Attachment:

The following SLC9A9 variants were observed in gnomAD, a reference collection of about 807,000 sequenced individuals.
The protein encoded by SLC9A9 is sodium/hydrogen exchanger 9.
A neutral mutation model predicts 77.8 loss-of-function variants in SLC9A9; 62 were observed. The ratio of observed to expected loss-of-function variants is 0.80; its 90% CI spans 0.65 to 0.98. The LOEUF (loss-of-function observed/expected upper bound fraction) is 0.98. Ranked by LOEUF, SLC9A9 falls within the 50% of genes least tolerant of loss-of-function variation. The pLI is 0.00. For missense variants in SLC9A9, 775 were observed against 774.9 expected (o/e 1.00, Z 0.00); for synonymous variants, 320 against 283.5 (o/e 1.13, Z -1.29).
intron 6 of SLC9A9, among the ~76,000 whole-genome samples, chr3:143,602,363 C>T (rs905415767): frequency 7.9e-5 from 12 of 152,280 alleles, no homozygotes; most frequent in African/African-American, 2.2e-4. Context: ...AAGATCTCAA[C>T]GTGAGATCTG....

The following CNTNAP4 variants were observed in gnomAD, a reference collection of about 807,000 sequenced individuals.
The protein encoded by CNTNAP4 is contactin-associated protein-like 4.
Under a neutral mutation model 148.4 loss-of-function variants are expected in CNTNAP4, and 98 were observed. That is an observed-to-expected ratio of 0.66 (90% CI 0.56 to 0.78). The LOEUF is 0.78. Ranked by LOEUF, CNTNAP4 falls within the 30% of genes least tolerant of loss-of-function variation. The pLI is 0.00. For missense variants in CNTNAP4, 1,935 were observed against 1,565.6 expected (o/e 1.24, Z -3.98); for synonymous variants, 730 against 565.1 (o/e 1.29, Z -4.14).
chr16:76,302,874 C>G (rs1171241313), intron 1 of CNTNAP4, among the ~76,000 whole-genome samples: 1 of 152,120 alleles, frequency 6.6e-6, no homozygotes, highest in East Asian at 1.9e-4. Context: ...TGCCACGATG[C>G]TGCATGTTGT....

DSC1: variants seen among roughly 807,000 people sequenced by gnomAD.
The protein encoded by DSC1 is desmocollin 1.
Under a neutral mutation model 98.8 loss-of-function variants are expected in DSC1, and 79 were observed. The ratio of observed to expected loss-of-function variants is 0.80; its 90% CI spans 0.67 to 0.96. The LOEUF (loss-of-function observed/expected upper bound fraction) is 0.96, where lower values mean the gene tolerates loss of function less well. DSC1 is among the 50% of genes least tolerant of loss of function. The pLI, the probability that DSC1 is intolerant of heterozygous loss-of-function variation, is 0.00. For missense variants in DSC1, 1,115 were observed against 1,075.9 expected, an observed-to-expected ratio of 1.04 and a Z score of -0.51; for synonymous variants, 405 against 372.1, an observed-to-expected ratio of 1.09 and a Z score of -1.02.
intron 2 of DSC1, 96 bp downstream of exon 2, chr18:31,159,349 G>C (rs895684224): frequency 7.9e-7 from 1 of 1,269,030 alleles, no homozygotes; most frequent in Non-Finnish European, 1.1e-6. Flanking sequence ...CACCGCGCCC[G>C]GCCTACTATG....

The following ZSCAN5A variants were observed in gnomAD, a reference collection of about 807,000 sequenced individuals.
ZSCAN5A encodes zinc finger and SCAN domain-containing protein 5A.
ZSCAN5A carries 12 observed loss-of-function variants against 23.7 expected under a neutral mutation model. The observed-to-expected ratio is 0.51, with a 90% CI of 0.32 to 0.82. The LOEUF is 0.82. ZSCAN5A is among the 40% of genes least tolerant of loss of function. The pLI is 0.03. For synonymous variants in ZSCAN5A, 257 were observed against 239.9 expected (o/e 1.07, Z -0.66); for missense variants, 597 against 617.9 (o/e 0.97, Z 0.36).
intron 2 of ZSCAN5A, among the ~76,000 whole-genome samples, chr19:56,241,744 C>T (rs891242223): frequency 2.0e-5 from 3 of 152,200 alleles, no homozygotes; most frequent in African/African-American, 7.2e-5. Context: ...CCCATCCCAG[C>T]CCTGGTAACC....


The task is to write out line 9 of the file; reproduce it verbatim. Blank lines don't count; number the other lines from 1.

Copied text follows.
DSC1: variants seen among roughly 807,000 people sequenced by gnomAD.